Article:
He finds, in the first place, that false Socialism, using the shibboleth of the ‘greatest happiness for the greatest number,’ is, both here and in Germany, bolstering up the tyrannies of an all-present officialism. He finds that powerful organizations 327 of men are trying to legalize in our cities what is in his sight the abomination of abominations. He finds that the finest course of action a Government can adopt to repress crimes of murder and of violence is to imitate them, or even, as lately in America, to excel their horrors. He finds that, by our marriage laws, men and women are chained like beasts together, and that their very despairing effort to escape from each other is called ‘collusion.’ He finds that everywhere in Society, wherever the Puritanical bias prevails, the simplest and purest natural functions are looked upon as unclean; that Morality despises the body now, as Religion despised it long ago. He is told of the spread of education; he finds that he is being told merely of a spread of half-instructed ignorance. He finds our leading scientists justifying War and Appropriation, as our leading Spiritualists and Churchmen used to justify them. He finds it dangerous, or at least incompatible, to express his real opinion of any existing institution, particularly if that institution is either ‘moral’ or ‘religious.’ He is not led to the stake, but he is ‘boycotted’; he is a discredited and suspected person. He finds, in one word, that at every point of his individual advance he is confronted by the mass of organized cruelty and unintelligence.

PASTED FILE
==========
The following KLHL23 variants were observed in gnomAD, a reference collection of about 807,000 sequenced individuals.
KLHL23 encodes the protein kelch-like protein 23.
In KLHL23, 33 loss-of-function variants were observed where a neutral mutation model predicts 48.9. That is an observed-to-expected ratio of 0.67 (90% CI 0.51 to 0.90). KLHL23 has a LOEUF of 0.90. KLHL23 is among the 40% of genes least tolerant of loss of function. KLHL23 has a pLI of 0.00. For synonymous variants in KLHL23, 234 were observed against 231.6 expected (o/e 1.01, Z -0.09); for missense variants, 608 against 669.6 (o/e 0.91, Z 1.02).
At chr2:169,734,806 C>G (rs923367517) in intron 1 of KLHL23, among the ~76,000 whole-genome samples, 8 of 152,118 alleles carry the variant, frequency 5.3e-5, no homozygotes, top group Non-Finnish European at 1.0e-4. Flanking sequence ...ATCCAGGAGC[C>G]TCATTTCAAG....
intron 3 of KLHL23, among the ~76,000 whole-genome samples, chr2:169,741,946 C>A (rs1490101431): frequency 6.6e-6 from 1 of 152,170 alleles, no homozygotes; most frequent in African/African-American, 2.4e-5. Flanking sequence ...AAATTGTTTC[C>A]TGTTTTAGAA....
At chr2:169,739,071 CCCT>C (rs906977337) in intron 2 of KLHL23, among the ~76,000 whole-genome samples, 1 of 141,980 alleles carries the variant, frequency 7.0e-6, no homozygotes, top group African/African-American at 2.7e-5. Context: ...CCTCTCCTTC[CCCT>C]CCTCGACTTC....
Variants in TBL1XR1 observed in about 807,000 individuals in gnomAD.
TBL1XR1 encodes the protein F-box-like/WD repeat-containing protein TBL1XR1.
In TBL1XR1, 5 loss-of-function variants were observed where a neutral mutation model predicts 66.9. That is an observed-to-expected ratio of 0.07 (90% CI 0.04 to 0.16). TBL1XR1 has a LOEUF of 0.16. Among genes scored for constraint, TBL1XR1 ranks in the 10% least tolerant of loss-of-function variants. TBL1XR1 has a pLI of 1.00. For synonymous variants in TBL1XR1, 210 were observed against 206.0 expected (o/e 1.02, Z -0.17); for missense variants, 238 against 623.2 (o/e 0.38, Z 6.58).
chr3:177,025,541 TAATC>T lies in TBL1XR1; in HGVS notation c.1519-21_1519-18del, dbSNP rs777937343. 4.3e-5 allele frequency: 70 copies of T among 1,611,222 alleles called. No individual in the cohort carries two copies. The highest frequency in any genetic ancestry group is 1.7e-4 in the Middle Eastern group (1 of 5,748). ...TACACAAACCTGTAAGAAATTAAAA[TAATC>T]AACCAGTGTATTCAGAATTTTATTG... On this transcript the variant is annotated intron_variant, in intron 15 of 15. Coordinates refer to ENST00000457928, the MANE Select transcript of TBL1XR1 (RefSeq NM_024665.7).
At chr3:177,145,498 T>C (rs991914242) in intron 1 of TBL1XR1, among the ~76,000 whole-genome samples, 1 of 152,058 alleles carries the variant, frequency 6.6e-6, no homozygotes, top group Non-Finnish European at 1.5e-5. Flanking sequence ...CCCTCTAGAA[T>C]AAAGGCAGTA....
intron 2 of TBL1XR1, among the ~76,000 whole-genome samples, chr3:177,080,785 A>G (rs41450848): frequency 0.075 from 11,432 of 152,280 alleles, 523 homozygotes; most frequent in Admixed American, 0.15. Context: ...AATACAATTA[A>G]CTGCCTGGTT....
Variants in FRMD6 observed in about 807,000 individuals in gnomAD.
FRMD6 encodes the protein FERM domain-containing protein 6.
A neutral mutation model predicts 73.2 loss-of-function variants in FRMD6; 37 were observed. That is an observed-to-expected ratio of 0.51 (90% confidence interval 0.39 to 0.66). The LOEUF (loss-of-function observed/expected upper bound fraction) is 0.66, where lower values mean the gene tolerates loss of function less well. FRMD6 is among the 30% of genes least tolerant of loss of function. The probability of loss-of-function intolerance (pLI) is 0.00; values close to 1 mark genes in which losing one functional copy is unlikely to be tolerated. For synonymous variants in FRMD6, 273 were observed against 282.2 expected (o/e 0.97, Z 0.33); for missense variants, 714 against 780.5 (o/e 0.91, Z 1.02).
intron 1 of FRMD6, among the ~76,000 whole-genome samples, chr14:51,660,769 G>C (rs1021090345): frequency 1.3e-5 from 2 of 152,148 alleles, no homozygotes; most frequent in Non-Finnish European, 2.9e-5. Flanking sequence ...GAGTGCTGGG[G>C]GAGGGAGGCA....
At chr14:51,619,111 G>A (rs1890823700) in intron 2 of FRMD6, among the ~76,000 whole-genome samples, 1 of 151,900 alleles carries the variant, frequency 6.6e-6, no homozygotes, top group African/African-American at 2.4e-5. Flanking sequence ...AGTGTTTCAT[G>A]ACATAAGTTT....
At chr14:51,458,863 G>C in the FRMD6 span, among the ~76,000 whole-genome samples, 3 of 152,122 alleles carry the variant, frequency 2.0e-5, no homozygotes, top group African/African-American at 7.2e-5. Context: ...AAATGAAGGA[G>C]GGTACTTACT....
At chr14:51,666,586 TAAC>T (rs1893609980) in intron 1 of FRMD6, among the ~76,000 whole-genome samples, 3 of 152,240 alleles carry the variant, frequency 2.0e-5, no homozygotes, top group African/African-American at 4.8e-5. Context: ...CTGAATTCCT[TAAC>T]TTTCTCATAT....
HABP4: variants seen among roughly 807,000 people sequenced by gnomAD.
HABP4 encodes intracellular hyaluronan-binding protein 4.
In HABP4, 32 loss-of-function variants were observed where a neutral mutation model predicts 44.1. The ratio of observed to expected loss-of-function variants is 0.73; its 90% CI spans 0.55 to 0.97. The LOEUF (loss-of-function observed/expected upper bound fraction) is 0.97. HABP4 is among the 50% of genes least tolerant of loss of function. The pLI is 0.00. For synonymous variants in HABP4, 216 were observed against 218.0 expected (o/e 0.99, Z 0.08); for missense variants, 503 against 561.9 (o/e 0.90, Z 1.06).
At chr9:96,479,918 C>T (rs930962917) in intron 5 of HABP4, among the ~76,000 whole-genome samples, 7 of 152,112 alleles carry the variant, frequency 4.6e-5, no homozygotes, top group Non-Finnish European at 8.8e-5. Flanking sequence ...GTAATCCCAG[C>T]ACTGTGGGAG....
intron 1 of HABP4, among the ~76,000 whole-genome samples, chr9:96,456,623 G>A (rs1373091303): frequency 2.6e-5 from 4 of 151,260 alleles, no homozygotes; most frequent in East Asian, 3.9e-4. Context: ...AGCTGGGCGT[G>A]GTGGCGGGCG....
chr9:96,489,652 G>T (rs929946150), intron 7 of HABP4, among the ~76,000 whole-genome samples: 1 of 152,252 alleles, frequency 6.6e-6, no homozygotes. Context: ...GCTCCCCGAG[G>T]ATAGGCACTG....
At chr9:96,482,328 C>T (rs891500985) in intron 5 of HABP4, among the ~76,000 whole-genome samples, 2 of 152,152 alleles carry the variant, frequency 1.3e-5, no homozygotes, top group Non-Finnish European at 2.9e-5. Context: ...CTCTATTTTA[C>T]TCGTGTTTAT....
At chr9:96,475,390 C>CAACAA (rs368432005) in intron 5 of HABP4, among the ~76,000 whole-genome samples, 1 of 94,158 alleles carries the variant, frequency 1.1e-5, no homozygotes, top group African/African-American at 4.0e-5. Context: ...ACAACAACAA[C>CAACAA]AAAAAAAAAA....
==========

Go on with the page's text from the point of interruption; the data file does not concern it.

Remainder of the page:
All this, of course, is no new thing. As a child, I saw Robert Owen stoned for saying that Marriages were not always made in Heaven! 328 But at no period of history, except that period when false Christianity was most dominant, have individuals been so much at the mercy of a false Morality. In literature especially the extent of completed ignorance is something scarcely credible—ignorance not only of the uneducated, but of the cultivated and the superfine. To illustrate it I need go no further than a recent number of the Quarterly Review, where conventional Morality speaks out loudly as a trumpet on the subject of the French nation and of French fiction. Even the School Board, it appears, has not killed the insular prejudice that every Frenchman is a sensualist and every French book an outrage on decency. But what is to be said of a writer (the mouthpiece of a large class, or we should not find him in the Quarterly) who lumps Balzac, Flaubert, and Zola together as writers of the same calibre, and actually affirms that ‘Balzac was a materialist, who did not believe in God’? Poor Balzac! who swore by Godhead and the Monarchy, and was so mercilessly roasted for his leaning to these aristocracies. ‘His (Balzac’s) only faith was faith in money; he is the supreme artist who excels in consummating the type of the ignoble, even of the cadaverous. His characters are always intrinsically vicious, and he anticipated the worst things of Zola.’ And this of the writer who gave us ‘Eugénie Grandet,’ and ‘Cousin Pons,’ and ‘Modeste Mignon,’ and a hundred other imperishable 329 types of human beauty and goodness. Is it any wonder that the wretched poor flock to hear the tumult of the Salvation Army, when the rich and cultured combine to support such dismal howling as I have quoted, such utter ignorance of the subject, such spasmodic stumbling, as of the blind leading the blind?